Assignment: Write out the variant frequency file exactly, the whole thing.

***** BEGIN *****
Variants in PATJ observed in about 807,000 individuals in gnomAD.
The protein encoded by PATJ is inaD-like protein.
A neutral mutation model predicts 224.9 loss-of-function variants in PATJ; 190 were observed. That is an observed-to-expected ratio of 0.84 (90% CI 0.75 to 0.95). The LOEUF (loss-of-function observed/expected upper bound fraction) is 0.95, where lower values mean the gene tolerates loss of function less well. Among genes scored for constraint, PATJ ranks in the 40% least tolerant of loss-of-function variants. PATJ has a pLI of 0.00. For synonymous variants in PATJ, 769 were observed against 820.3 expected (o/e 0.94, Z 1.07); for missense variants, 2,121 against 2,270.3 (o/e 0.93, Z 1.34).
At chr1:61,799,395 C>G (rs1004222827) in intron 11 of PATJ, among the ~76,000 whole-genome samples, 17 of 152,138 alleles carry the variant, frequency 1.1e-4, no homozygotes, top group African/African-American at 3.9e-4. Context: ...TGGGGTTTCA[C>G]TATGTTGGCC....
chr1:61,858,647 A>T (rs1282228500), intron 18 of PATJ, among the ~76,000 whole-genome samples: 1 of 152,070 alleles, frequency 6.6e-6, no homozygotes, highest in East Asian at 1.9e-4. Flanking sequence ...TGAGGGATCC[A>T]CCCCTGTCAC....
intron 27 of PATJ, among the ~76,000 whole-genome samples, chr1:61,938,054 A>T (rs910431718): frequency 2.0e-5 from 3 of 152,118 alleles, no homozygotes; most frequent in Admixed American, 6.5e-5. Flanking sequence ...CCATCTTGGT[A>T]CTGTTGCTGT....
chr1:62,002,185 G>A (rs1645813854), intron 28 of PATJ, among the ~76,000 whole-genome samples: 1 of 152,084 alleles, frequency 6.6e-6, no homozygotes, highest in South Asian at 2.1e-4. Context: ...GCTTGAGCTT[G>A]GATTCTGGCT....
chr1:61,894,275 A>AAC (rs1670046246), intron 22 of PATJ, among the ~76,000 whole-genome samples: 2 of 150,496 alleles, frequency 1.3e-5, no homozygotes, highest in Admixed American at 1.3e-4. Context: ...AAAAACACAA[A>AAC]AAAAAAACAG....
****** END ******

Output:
Variants in PATJ observed in about 807,000 individuals in gnomAD.
The protein encoded by PATJ is inaD-like protein.
A neutral mutation model predicts 224.9 loss-of-function variants in PATJ; 190 were observed. That is an observed-to-expected ratio of 0.84 (90% CI 0.75 to 0.95). The LOEUF (loss-of-function observed/expected upper bound fraction) is 0.95, where lower values mean the gene tolerates loss of function less well. Among genes scored for constraint, PATJ ranks in the 40% least tolerant of loss-of-function variants. PATJ has a pLI of 0.00. For synonymous variants in PATJ, 769 were observed against 820.3 expected (o/e 0.94, Z 1.07); for missense variants, 2,121 against 2,270.3 (o/e 0.93, Z 1.34).
At chr1:61,799,395 C>G (rs1004222827) in intron 11 of PATJ, among the ~76,000 whole-genome samples, 17 of 152,138 alleles carry the variant, frequency 1.1e-4, no homozygotes, top group African/African-American at 3.9e-4. Context: ...TGGGGTTTCA[C>G]TATGTTGGCC....
chr1:61,858,647 A>T (rs1282228500), intron 18 of PATJ, among the ~76,000 whole-genome samples: 1 of 152,070 alleles, frequency 6.6e-6, no homozygotes, highest in East Asian at 1.9e-4. Flanking sequence ...TGAGGGATCC[A>T]CCCCTGTCAC....
intron 27 of PATJ, among the ~76,000 whole-genome samples, chr1:61,938,054 A>T (rs910431718): frequency 2.0e-5 from 3 of 152,118 alleles, no homozygotes; most frequent in Admixed American, 6.5e-5. Flanking sequence ...CCATCTTGGT[A>T]CTGTTGCTGT....
chr1:62,002,185 G>A (rs1645813854), intron 28 of PATJ, among the ~76,000 whole-genome samples: 1 of 152,084 alleles, frequency 6.6e-6, no homozygotes, highest in South Asian at 2.1e-4. Context: ...GCTTGAGCTT[G>A]GATTCTGGCT....
chr1:61,894,275 A>AAC (rs1670046246), intron 22 of PATJ, among the ~76,000 whole-genome samples: 2 of 150,496 alleles, frequency 1.3e-5, no homozygotes, highest in Admixed American at 1.3e-4. Context: ...AAAAACACAA[A>AAC]AAAAAAACAG....